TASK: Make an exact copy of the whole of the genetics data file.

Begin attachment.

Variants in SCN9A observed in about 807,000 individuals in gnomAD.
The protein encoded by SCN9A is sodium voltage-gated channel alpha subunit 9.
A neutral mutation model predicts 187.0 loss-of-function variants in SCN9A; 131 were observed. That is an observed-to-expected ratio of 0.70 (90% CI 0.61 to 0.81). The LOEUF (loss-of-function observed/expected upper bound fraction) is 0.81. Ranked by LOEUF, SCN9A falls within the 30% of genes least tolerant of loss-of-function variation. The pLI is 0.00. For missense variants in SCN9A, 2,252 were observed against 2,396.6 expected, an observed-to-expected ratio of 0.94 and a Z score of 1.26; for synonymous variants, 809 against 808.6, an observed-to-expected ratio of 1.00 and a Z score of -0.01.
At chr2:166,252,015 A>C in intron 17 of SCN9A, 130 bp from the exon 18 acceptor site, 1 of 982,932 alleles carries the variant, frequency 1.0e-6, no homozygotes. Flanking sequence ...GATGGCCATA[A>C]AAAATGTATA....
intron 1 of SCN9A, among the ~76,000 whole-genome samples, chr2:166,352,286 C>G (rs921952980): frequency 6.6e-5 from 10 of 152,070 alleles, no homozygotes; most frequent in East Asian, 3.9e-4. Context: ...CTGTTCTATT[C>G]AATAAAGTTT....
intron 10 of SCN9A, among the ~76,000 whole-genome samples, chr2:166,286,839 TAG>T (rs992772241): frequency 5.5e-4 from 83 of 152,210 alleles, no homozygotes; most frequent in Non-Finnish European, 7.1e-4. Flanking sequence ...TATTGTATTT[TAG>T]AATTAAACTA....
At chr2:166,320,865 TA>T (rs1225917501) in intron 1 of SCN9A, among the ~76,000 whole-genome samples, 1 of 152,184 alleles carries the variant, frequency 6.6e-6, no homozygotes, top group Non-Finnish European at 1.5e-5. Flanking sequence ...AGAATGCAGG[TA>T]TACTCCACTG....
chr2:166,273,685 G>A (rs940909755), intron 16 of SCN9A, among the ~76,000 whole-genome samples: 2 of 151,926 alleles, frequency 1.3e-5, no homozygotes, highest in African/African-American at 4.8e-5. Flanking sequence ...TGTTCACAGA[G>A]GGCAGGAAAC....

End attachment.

Variants in SCN9A observed in about 807,000 individuals in gnomAD.
The protein encoded by SCN9A is sodium voltage-gated channel alpha subunit 9.
A neutral mutation model predicts 187.0 loss-of-function variants in SCN9A; 131 were observed. That is an observed-to-expected ratio of 0.70 (90% CI 0.61 to 0.81). The LOEUF (loss-of-function observed/expected upper bound fraction) is 0.81. Ranked by LOEUF, SCN9A falls within the 30% of genes least tolerant of loss-of-function variation. The pLI is 0.00. For missense variants in SCN9A, 2,252 were observed against 2,396.6 expected, an observed-to-expected ratio of 0.94 and a Z score of 1.26; for synonymous variants, 809 against 808.6, an observed-to-expected ratio of 1.00 and a Z score of -0.01.
At chr2:166,252,015 A>C in intron 17 of SCN9A, 130 bp from the exon 18 acceptor site, 1 of 982,932 alleles carries the variant, frequency 1.0e-6, no homozygotes. Flanking sequence ...GATGGCCATA[A>C]AAAATGTATA....
intron 1 of SCN9A, among the ~76,000 whole-genome samples, chr2:166,352,286 C>G (rs921952980): frequency 6.6e-5 from 10 of 152,070 alleles, no homozygotes; most frequent in East Asian, 3.9e-4. Context: ...CTGTTCTATT[C>G]AATAAAGTTT....
intron 10 of SCN9A, among the ~76,000 whole-genome samples, chr2:166,286,839 TAG>T (rs992772241): frequency 5.5e-4 from 83 of 152,210 alleles, no homozygotes; most frequent in Non-Finnish European, 7.1e-4. Flanking sequence ...TATTGTATTT[TAG>T]AATTAAACTA....
At chr2:166,320,865 TA>T (rs1225917501) in intron 1 of SCN9A, among the ~76,000 whole-genome samples, 1 of 152,184 alleles carries the variant, frequency 6.6e-6, no homozygotes, top group Non-Finnish European at 1.5e-5. Flanking sequence ...AGAATGCAGG[TA>T]TACTCCACTG....
chr2:166,273,685 G>A (rs940909755), intron 16 of SCN9A, among the ~76,000 whole-genome samples: 2 of 151,926 alleles, frequency 1.3e-5, no homozygotes, highest in African/African-American at 4.8e-5. Flanking sequence ...TGTTCACAGA[G>A]GGCAGGAAAC....